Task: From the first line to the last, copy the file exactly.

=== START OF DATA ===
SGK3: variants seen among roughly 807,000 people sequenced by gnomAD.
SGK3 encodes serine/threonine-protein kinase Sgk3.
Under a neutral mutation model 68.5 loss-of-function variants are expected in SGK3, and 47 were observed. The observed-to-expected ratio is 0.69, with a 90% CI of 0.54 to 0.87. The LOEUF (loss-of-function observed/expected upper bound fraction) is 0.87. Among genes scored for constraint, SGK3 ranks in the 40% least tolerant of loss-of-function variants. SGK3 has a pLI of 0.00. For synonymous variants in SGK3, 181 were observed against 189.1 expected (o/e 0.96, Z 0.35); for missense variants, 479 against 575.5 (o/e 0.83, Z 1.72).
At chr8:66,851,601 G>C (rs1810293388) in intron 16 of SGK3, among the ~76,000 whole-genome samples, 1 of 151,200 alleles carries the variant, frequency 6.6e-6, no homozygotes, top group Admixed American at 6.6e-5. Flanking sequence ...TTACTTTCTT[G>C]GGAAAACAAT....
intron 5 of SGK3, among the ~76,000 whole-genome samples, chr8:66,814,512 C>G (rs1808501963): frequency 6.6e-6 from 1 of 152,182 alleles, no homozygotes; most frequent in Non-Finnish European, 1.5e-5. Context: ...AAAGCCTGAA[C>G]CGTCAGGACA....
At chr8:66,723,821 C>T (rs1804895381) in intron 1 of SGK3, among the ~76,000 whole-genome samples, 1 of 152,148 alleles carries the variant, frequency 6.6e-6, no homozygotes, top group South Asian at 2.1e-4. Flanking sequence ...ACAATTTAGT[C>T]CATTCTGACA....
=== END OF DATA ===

SGK3: variants seen among roughly 807,000 people sequenced by gnomAD.
SGK3 encodes serine/threonine-protein kinase Sgk3.
Under a neutral mutation model 68.5 loss-of-function variants are expected in SGK3, and 47 were observed. The observed-to-expected ratio is 0.69, with a 90% CI of 0.54 to 0.87. The LOEUF (loss-of-function observed/expected upper bound fraction) is 0.87. Among genes scored for constraint, SGK3 ranks in the 40% least tolerant of loss-of-function variants. SGK3 has a pLI of 0.00. For synonymous variants in SGK3, 181 were observed against 189.1 expected (o/e 0.96, Z 0.35); for missense variants, 479 against 575.5 (o/e 0.83, Z 1.72).
At chr8:66,851,601 G>C (rs1810293388) in intron 16 of SGK3, among the ~76,000 whole-genome samples, 1 of 151,200 alleles carries the variant, frequency 6.6e-6, no homozygotes, top group Admixed American at 6.6e-5. Flanking sequence ...TTACTTTCTT[G>C]GGAAAACAAT....
intron 5 of SGK3, among the ~76,000 whole-genome samples, chr8:66,814,512 C>G (rs1808501963): frequency 6.6e-6 from 1 of 152,182 alleles, no homozygotes; most frequent in Non-Finnish European, 1.5e-5. Context: ...AAAGCCTGAA[C>G]CGTCAGGACA....
At chr8:66,723,821 C>T (rs1804895381) in intron 1 of SGK3, among the ~76,000 whole-genome samples, 1 of 152,148 alleles carries the variant, frequency 6.6e-6, no homozygotes, top group South Asian at 2.1e-4. Flanking sequence ...ACAATTTAGT[C>T]CATTCTGACA....